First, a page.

Cameroon is a source, transit, and destination country for women and children subjected to forced labor and sex trafficking. Cameroon is a source country for men in forced labor. Trafficking operations usually target two to four children, often when rural parents hand over their children to an intermediary promising an education or a better life in the city. Traffickers of children increasingly resort to kidnapping their victims, as heightened public awareness about trafficking has led to parents being less willing to give their children to these intermediaries. Cameroonian children are exploited in many sectors, such as domestic service; restaurants; street begging or vending; artisanal gold mining and gravel quarries; agriculture, including on tea and cocoa plantations; in the urban transportation and construction sectors, where they perform odd jobs as errand boys and laborers on construction sites; and in prostitution within the country. Reports indicate the existence of hereditary slavery in northern chiefdoms. Cameroonian women are lured to Europe and other regions by fraudulent internet marriage proposals or offers of domestic work and subsequently become victims of forced labor or forced prostitution in Switzerland and France, with smaller numbers in Russia. In 2013, a group of approximately 35 Cameroonian men were exploited in forced labor in forestry work in Sweden; most were granted temporary residency permits during the investigation. During the year, Cameroonian trafficking victims were also identified in Denmark, Norway, Sweden, Germany, Poland, Slovakia, Cyprus, Spain, Saudi Arabia, Lebanon, the United Arab Emirates, Qatar, Haiti, Nigeria, Equatorial Guinea, Gabon, and several West and Central African countries. Some teenagers and adults from the Central African Republic (CAR) and Nigeria are lured by the prospect of a better life in Cameroon and subsequently became victims of labor trafficking.

The Government of Cameroon does not fully comply with the minimum standards for the elimination of trafficking; however, it is making significant efforts to do so. During the reporting period, the government continued to implement activities associated with an action plan to combat trafficking, including enforcing the anti-trafficking law, providing training to government officials and NGOs, reintegrating street children who were trafficking victims, and conducting public awareness campaigns. Despite these efforts, the government did not make progress in ensuring trafficking victims received access to protection services. Data collection remained sporadic and did not cover the entire country, resulting in unreliable and incomplete statistics on victim identification and law enforcement.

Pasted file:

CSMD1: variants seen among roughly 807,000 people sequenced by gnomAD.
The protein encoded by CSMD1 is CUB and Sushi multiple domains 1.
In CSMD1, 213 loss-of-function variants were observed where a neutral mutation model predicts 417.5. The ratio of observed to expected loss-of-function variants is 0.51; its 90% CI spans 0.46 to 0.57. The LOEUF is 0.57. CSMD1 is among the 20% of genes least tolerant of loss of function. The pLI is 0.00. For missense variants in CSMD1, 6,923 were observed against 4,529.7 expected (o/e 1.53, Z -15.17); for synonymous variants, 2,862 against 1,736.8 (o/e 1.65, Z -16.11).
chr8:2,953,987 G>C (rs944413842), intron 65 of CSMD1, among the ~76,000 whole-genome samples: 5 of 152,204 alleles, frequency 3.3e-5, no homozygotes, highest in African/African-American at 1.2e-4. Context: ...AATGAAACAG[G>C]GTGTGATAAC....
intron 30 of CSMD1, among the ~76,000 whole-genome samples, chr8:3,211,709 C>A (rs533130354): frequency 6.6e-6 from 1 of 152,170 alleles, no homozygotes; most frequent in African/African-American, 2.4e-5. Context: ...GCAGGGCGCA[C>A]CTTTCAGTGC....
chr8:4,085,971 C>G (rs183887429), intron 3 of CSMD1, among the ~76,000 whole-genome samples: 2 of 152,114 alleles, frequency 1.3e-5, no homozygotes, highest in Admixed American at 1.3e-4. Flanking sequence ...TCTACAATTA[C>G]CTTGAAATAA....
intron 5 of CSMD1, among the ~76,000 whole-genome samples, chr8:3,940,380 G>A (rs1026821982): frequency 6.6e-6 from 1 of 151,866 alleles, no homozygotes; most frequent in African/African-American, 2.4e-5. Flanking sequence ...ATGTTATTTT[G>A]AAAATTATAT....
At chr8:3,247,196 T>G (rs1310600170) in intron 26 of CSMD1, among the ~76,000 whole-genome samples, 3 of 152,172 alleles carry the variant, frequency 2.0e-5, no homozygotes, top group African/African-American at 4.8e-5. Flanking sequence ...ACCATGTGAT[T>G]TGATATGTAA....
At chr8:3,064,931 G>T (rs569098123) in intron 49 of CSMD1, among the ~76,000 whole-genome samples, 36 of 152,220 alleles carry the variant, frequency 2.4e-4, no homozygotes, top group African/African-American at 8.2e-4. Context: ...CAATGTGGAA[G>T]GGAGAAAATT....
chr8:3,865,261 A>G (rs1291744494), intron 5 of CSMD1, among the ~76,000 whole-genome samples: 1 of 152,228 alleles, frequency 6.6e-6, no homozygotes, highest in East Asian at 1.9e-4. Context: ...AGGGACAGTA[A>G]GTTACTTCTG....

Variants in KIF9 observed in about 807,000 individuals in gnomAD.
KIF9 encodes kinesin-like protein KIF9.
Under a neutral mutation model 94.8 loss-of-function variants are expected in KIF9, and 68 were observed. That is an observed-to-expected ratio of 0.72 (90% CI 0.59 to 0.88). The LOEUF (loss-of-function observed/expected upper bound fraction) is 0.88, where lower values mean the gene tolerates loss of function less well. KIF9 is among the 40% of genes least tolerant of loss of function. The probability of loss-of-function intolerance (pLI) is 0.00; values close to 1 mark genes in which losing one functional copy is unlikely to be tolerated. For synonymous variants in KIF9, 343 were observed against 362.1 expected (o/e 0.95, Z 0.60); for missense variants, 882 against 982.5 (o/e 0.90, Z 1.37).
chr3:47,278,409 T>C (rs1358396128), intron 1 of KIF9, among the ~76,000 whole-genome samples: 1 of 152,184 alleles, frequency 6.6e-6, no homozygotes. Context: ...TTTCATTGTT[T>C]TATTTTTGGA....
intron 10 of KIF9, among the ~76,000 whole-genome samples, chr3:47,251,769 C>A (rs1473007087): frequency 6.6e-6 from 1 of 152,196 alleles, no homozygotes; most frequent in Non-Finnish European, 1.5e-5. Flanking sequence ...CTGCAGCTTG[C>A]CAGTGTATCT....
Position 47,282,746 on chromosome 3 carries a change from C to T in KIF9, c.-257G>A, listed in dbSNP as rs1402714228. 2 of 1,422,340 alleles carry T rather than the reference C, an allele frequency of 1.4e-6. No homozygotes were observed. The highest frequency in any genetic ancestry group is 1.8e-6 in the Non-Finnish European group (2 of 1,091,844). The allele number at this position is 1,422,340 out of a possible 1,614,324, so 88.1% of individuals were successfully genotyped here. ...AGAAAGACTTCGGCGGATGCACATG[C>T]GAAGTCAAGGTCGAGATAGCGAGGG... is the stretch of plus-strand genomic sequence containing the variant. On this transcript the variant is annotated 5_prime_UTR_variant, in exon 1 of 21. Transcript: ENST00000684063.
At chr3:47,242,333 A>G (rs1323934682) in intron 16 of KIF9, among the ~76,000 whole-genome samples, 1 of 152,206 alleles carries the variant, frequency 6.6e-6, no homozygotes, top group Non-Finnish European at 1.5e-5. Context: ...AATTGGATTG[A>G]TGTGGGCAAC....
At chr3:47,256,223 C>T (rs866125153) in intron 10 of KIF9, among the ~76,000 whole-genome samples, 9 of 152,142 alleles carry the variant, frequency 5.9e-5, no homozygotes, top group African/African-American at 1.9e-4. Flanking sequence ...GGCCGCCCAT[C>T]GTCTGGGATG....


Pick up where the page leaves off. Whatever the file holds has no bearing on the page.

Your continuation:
Recommendations for Cameroon:

Vigorously prosecute and convict trafficking offenders, including government employees complicit in trafficking-related offenses; continue to educate police, judges, lawyers, and social workers about the law against human trafficking; develop and provide advanced training for law enforcement in investigation and prosecution of human trafficking offenses; dedicate resources to improve the collection of statistics relating to victim identification and law enforcement; develop standardized procedures for referring trafficking victims to government and NGO care services, and socialize these mechanisms among government officials and the NGO community; continue to provide training for government service providers to ensure the quality of care for victims; and address cases of hereditary servitude in the northern regions.